Despite it helping 19 of 24 sports, it is only helping two come game day: the basketball programs.

The women deserve it with two Final Fours in the past decade, including an appearance in the national title game. Nevertheless, the fact of the matter is they just do not draw a big enough crowd, which is an issue for women's basketball in general. The only sell outs occur when UConn or Tennessee come to town.

The men have surprisingly had some good fan showings this season despite their struggles. Some of that has been due to opposing team's fans coming, but Pernetti has done a good job with various promotions.

The tough economic times have led to higher ticket sales as well. Despite struggling to make ends meet, people want entertainment. You can't beat two promenade tickets, two hotdogs and two sodas for $20, which is the "Valentine's Couple's Special" for the upcoming Georgetown game.

Aside from the crowds, it is tough to argue that the men deserve upgrades.

They have not made the NCAA tournament since 1991. They have not won an NCAA tournament game since 1980. They have not ranked in the top 25 since 1979, which is the longest active streak for a major college basketball program.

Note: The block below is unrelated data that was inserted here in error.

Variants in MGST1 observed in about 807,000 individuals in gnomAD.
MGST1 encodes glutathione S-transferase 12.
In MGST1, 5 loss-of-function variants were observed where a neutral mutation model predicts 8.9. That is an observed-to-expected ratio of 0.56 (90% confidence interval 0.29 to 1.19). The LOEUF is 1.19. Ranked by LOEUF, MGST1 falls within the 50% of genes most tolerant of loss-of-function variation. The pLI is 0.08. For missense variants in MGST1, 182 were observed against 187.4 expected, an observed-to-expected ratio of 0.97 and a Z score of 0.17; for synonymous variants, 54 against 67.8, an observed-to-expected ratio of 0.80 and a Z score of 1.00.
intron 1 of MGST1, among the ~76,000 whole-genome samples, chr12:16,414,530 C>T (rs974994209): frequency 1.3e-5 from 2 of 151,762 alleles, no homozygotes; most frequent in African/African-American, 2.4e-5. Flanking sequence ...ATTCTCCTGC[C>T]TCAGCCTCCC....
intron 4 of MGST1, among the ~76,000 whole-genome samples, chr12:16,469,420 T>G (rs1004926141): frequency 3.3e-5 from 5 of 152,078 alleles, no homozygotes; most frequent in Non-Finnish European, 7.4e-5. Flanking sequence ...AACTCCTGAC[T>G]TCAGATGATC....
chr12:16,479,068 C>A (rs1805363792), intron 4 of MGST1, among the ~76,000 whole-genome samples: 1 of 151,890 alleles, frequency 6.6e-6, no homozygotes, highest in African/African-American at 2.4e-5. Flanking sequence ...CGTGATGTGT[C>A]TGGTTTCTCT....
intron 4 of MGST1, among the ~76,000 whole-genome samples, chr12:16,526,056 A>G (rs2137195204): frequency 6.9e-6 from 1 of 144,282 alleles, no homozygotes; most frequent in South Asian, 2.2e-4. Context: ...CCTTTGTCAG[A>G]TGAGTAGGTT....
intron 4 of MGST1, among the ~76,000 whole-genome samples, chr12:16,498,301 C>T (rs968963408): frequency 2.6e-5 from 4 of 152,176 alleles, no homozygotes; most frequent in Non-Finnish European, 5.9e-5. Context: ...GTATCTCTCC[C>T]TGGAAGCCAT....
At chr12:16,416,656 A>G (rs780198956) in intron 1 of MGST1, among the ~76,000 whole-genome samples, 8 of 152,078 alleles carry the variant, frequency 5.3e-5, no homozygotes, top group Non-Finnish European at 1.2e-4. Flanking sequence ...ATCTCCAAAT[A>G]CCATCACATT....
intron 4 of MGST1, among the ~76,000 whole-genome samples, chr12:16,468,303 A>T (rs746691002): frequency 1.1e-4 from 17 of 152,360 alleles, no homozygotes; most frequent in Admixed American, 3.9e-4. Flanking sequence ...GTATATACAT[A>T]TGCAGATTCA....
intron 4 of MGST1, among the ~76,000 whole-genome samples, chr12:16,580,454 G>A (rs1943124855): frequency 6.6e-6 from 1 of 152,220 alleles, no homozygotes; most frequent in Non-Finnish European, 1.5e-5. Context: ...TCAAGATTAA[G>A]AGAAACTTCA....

My other issue is where this money going to come from. Pernetti said a lot of the funding would come from private donations from individuals or corporations. Once again, we're in an economic recession and it has affected corporations just like the average citizen.

So I do not see corporations dumping money to put their name in the stadium of a program that is not going to get too much recognition.

As for individuals, that typically comes from two places. Wealthy booster or former players that play professionally.

The donation by two anonymous individuals that led to the construction of the Rutgers Stadium $5 million recruitment lounge were likely from one of the two.

Wealthy boosters wouldn't mind donating to a football program on the rise. Neither would former players that are now in the NFL and have more disposable money than they know what to do with. Why not give Schiano a nice thank you?

Stringer has sent countless players to the WNBA, but they don't get big enough paychecks to fork over a lot of dough. As for the men's side, the last player to make it to the NBA was shooting guard Quincy Douby. Now Douby can't even make an NBA roster.

So I am torn.

The ambition and enthusiasm of the 39-year-old athletic director that has a vision for what he wants for University athletics excites me for the future of this institution's sports program. But I just don't know if the "renaissance of the RAC" is really feasible right now.

And considering how much criticism the football stadium expansion took for a team that has proven they are on the path to success — and not stuck in a ditch on the side of the road like the men's basketball program — I can only imagine the backlash for the renovation.

Matt Sugam is a School of Arts and Sciences junior majoring in journalism and media studies.

Matt Sugam